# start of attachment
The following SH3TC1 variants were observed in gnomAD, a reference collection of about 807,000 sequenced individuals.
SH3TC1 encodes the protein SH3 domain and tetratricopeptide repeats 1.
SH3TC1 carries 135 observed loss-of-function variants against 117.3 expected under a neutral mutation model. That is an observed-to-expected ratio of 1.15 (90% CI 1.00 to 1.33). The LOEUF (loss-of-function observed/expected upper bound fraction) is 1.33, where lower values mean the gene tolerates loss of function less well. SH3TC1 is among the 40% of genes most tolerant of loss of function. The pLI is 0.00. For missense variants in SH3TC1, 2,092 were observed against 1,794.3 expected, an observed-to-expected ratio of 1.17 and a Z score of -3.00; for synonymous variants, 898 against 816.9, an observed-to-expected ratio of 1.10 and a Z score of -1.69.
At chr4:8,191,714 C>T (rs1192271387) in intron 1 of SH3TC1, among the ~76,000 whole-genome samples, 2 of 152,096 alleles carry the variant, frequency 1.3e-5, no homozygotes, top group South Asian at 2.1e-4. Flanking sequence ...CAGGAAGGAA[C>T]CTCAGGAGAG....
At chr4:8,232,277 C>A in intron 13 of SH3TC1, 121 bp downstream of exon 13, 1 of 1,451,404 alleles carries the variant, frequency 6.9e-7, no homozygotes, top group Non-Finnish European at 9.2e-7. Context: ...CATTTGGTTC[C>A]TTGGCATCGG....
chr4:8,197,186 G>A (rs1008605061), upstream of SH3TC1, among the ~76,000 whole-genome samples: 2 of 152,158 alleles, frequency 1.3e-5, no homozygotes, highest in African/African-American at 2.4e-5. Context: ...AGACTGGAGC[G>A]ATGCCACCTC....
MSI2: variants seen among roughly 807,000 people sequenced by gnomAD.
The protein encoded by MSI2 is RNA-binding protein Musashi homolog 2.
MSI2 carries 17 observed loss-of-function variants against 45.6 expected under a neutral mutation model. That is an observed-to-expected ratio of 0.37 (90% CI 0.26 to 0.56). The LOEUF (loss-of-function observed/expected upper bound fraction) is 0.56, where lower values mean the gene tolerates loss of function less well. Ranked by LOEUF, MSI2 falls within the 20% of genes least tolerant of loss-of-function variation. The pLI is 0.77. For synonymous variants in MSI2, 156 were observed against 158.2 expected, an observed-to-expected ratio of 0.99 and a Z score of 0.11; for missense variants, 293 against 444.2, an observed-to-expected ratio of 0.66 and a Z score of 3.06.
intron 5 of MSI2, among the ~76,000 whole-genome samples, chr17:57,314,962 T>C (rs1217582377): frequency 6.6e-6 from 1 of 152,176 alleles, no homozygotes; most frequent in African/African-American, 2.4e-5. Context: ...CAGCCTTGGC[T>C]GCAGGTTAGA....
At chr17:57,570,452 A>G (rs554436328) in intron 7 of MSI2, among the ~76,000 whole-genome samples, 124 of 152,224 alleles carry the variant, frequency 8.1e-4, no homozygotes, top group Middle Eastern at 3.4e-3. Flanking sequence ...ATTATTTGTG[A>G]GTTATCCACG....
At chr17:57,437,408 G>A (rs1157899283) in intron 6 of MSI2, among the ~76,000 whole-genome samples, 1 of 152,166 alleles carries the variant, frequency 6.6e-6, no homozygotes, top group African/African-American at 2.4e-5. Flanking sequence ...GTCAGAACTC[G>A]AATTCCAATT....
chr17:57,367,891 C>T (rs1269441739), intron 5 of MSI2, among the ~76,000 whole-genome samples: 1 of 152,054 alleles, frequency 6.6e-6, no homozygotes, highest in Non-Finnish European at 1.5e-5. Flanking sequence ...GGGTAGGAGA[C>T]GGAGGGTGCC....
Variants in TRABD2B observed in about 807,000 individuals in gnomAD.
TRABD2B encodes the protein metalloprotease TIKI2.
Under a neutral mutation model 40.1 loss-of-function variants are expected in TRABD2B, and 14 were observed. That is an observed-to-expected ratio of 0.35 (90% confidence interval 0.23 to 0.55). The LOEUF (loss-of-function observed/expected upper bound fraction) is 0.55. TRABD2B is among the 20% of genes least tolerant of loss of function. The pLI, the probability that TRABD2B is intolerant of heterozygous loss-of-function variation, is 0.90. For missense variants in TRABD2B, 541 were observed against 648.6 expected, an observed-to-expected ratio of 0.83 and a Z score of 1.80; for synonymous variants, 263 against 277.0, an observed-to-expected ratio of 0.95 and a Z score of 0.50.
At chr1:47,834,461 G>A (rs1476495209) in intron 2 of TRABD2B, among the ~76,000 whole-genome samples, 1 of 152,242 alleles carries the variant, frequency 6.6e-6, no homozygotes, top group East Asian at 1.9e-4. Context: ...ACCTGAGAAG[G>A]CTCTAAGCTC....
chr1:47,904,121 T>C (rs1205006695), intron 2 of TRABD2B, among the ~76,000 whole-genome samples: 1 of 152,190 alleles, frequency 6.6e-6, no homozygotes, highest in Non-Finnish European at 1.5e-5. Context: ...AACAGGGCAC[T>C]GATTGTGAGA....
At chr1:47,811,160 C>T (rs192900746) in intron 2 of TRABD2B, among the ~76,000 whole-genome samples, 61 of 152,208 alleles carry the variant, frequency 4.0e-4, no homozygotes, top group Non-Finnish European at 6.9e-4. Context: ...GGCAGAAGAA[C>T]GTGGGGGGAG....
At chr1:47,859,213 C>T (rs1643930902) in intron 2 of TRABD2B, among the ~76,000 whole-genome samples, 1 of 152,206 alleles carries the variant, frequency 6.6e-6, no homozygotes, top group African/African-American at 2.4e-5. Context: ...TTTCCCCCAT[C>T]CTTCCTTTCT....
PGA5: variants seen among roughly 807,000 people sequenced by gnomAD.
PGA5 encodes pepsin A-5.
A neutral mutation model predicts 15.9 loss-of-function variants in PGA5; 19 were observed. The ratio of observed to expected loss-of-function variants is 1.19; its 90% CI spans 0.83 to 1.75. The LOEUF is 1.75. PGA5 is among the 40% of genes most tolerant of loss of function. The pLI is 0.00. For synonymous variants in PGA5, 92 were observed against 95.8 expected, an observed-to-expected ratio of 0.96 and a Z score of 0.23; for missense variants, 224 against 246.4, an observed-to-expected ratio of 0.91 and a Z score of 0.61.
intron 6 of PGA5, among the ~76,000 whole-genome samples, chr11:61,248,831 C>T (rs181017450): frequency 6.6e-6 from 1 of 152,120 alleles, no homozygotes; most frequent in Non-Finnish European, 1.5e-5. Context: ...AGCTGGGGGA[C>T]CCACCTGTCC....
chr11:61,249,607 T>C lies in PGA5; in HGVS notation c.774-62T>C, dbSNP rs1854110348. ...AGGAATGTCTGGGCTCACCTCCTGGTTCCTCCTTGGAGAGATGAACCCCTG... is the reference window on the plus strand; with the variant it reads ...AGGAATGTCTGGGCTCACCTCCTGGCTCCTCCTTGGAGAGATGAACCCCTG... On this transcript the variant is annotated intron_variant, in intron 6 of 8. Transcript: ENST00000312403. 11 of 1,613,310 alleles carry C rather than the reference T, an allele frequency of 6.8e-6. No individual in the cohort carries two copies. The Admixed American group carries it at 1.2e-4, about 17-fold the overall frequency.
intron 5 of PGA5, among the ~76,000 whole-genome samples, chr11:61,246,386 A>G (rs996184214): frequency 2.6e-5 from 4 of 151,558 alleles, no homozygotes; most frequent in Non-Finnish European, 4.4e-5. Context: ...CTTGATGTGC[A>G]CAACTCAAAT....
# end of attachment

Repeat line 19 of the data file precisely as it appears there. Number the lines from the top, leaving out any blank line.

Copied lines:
At chr1:47,811,160 C>T (rs192900746) in intron 2 of TRABD2B, among the ~76,000 whole-genome samples, 61 of 152,208 alleles carry the variant, frequency 4.0e-4, no homozygotes, top group Non-Finnish European at 6.9e-4. Context: ...GGCAGAAGAA[C>T]GTGGGGGGAG....